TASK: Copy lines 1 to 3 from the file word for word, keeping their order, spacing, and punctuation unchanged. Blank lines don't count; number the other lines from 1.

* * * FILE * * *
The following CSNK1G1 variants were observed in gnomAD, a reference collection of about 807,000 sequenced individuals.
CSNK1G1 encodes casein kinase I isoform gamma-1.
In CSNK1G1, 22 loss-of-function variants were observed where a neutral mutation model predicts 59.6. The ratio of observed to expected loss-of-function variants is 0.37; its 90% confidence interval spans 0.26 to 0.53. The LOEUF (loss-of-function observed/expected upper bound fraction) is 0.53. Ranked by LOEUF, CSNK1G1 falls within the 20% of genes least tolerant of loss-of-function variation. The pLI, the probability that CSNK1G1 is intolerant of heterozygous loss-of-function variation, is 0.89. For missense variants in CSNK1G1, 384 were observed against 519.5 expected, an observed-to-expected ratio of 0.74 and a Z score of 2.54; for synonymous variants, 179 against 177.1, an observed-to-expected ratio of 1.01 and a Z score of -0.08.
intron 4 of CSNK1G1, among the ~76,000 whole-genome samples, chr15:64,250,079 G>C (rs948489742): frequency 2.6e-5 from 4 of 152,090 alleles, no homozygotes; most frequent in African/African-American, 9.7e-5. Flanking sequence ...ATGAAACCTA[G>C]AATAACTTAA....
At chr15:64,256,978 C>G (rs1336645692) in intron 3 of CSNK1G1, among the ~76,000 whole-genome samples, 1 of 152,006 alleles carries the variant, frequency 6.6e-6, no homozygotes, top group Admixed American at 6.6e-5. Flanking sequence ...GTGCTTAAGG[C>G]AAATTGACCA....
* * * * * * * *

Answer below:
The following CSNK1G1 variants were observed in gnomAD, a reference collection of about 807,000 sequenced individuals.
CSNK1G1 encodes casein kinase I isoform gamma-1.
In CSNK1G1, 22 loss-of-function variants were observed where a neutral mutation model predicts 59.6. The ratio of observed to expected loss-of-function variants is 0.37; its 90% confidence interval spans 0.26 to 0.53. The LOEUF (loss-of-function observed/expected upper bound fraction) is 0.53. Ranked by LOEUF, CSNK1G1 falls within the 20% of genes least tolerant of loss-of-function variation. The pLI, the probability that CSNK1G1 is intolerant of heterozygous loss-of-function variation, is 0.89. For missense variants in CSNK1G1, 384 were observed against 519.5 expected, an observed-to-expected ratio of 0.74 and a Z score of 2.54; for synonymous variants, 179 against 177.1, an observed-to-expected ratio of 1.01 and a Z score of -0.08.